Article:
• Aftercare. An aftercare program ensures that recovery continues long term.

Residential Co-Occurring Disorder Treatment

In inpatient or residential treatment centers, clients live at a rehab or recovery center. They spend most of their time on recovery activities such as therapy and support groups.

These programs are ideal for people with co-occurring disorders. They offer a respite from worries, distractions and temptations.

Outpatient Treatment for Co-Occurring Disorders

Many people with co-occurring disorders need high-level care. But outpatient treatment programs may be appropriate for people who don’t need highly structured care. These programs are also suitable for people who have finished a residential program and want to stay on a treatment plan. One type of outpatient program is a partial hospitalization program (PHP). The schedule of a PHP involves spending five or more days a week at a rehab center. These programs are similar to residential options, but clients live at home or at a sober-living home.

Dual Diagnosis Treatment Center at The Ranch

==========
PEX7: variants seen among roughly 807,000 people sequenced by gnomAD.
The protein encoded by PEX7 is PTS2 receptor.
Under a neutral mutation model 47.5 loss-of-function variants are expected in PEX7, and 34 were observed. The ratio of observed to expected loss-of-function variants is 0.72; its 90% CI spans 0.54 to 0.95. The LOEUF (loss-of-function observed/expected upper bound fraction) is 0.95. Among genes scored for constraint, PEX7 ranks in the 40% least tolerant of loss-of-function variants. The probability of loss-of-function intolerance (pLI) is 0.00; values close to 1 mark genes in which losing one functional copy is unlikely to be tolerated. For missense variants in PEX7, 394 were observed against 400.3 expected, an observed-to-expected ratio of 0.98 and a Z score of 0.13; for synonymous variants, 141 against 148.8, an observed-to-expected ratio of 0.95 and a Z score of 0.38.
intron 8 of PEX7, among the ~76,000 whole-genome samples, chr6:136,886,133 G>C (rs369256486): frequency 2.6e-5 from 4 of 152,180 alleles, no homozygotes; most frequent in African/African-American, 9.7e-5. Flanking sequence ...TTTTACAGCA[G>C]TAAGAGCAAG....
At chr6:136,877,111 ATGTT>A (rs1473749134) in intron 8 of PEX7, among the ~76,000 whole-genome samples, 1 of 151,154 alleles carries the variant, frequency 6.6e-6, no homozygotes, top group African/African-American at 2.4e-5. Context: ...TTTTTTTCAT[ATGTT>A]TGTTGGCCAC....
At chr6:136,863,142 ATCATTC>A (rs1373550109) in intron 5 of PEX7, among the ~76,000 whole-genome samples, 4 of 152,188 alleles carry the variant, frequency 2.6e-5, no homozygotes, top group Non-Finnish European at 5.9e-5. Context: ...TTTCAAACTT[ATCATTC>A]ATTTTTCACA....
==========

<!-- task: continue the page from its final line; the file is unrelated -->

The Ranch offers integrative dual diagnosis treatment. Clients take part in treatment for physical, emotional and spiritual well-being. We work with a number of insurance providers to help you get the best treatment for your addiction and mental health disorder.

A Beautiful Natural Environment

The Ranch treatment centers have the cozy feel of a home. Clients stay in cottages or bungalow homes, with semi-private bedrooms and ensuite bathrooms. We also offer the option to upgrade to a private bedroom. With comfortably-furnished treatment and social areas and beautiful grounds, The Ranch is a peaceful place of healing.

Tailor-Made Integrative Treatment

Treatment at The Ranch starts with a full psychological assessment. We’ll talk with you to find out what issues you’re facing and make a diagnosis. Then, we’ll create a treatment plan that addresses all the challenges you’re facing.

Your treatment plan at the recovery center will include private and group therapy, along with support activities. Depending on your needs, your plan might include:

Aftercare Planning

Aftercare is a vital part of long-term treatment. At our dual diagnosis treatment center, you’ll learn healthy coping skills and other techniques that will help you in day-to-day life. As part of your program, you’ll also work on creating a rehab aftercare plan that might include:

Get Specialized Co-Occurring Disorder Treatment

Make a change for the better. Get integrative treatment for co-occurring disorders from our mental health experts.

Call us to speak confidentially with a recovery advisor at our dual diagnosis treatment center. Call 1.844.876.7680 today.